Here is a cool concept.

I think many of you are familiar with the Twitter service; even if you aren’t using it yet, you probably are aware of the fact that there are millions of people all around the globe tweeting like frenzy using this service (defined by some as the SMS of the Internets) as it’s the 3rd most used social networking site standing right after the Facebook and MySpace.

It’s a micro-blogging site where registered users can update their status in a minimal fashion, for the people following them to see, and where people can stay up to date about the status of their buddies, work related info, status of various projects etc. by simply following the account providing the relevant info. Some people use it to keep in touch with busy friends without much hassle in their busy day schedules, and it is also being used for following status of projects provided that they use Twitter to announce their stuff. I’m pretty sure there are many other active purposes of usage, people are inventive.

A cool (if not coolest) purpose of usage (for me anyway) is, I think, germinated from the SuperCollider codes Dan Stowell started to post on his own Twitter blog as status messages, a concept which later evolved into a SCTweeting collaboration as the act of posting little code chunks (called “SCTwits”) that make cool sounds is found interesting by other SuperCollider users. The fun comes from the limitation Twitter employs: Your posts can not be longer than 140 characters! This limitation tickles the creative mind and influences the creative process in a way that one strives to find the balance between simplicity, humor, coolness and of course the subjective beauty of the end result, but in the end, it’s all limited by 140 characters.

SuperCollider is a very expressive language with its generic tool set and various syntax shortcuts, yet its still surprising to see what people can fit into 140 characters of code. SCTweeting people typically follow each other on Twitter, and the experience is fun, inspiring and educating.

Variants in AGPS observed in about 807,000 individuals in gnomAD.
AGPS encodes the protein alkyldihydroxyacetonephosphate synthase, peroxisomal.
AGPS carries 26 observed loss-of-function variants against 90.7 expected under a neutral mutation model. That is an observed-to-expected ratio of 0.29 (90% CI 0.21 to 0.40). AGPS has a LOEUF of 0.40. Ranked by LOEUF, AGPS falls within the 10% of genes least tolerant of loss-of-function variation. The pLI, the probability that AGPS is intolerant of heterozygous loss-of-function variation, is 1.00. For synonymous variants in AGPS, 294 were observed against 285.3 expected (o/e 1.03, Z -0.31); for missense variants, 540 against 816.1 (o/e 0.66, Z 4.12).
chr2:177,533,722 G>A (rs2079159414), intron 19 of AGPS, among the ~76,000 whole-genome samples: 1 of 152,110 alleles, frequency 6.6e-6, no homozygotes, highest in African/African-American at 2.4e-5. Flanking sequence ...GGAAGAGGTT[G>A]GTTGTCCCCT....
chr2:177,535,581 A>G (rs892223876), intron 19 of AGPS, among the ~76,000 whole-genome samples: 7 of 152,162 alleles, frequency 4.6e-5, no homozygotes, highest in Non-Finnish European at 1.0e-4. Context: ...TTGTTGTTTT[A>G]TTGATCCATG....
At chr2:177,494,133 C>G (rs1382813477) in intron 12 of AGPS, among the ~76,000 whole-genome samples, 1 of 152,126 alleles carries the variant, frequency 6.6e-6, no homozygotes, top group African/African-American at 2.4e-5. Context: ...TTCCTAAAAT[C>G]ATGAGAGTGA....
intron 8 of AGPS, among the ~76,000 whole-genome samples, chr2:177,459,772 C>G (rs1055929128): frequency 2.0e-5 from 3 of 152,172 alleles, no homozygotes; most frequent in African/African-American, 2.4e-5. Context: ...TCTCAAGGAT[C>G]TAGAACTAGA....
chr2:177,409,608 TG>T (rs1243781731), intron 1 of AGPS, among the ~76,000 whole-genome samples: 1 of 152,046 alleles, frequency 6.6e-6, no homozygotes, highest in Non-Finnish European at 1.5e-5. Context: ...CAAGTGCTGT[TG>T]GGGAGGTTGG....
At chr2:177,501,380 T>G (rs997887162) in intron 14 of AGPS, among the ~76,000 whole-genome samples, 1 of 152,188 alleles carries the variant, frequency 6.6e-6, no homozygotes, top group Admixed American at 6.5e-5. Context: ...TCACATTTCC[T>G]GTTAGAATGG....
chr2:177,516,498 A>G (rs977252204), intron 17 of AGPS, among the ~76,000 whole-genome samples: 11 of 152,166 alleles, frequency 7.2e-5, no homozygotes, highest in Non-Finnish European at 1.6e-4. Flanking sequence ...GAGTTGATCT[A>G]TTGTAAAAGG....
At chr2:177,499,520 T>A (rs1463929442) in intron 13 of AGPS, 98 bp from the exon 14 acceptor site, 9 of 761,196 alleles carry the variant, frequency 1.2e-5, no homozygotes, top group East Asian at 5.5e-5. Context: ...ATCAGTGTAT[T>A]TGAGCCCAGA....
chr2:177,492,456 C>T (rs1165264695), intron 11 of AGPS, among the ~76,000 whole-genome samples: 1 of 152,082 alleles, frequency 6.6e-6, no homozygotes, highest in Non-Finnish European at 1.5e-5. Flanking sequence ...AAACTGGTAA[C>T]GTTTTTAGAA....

Here is the link for the mailing-list topic where it all started:

You can find the blog addresses of some of the contributors to follow under the topic in the mailing list. And here is mine if you want to follow me:

This is so fun and brain tickling that I want to keep on doing it forever (unless everyone quits and I start to feel retarded for posting stuff there for some long time by myself without anyone following, of course). Here are my contributions so far; with the resulting sounds embedded in case if you don’t have a machine with SuperCollider around, or if you reached to this page while searching for what SuperCollider is all about. This is an expressive language!

This one sounds like a bad trombone being tested by an incompetent player:


This one is glitchy:


Switching scenes:


Abusing FFT buffers:


Granular sampling (uses one of the infamous default sounds that ships with sc):


Thirsty anyone? Water sound (to my ears):


Easy IDM:

play{,0.4,,0.4,[2e-3,4e-3]),2)};// #supercollider with bass please...

Please follow and contribute if you like monkeying around with SC!

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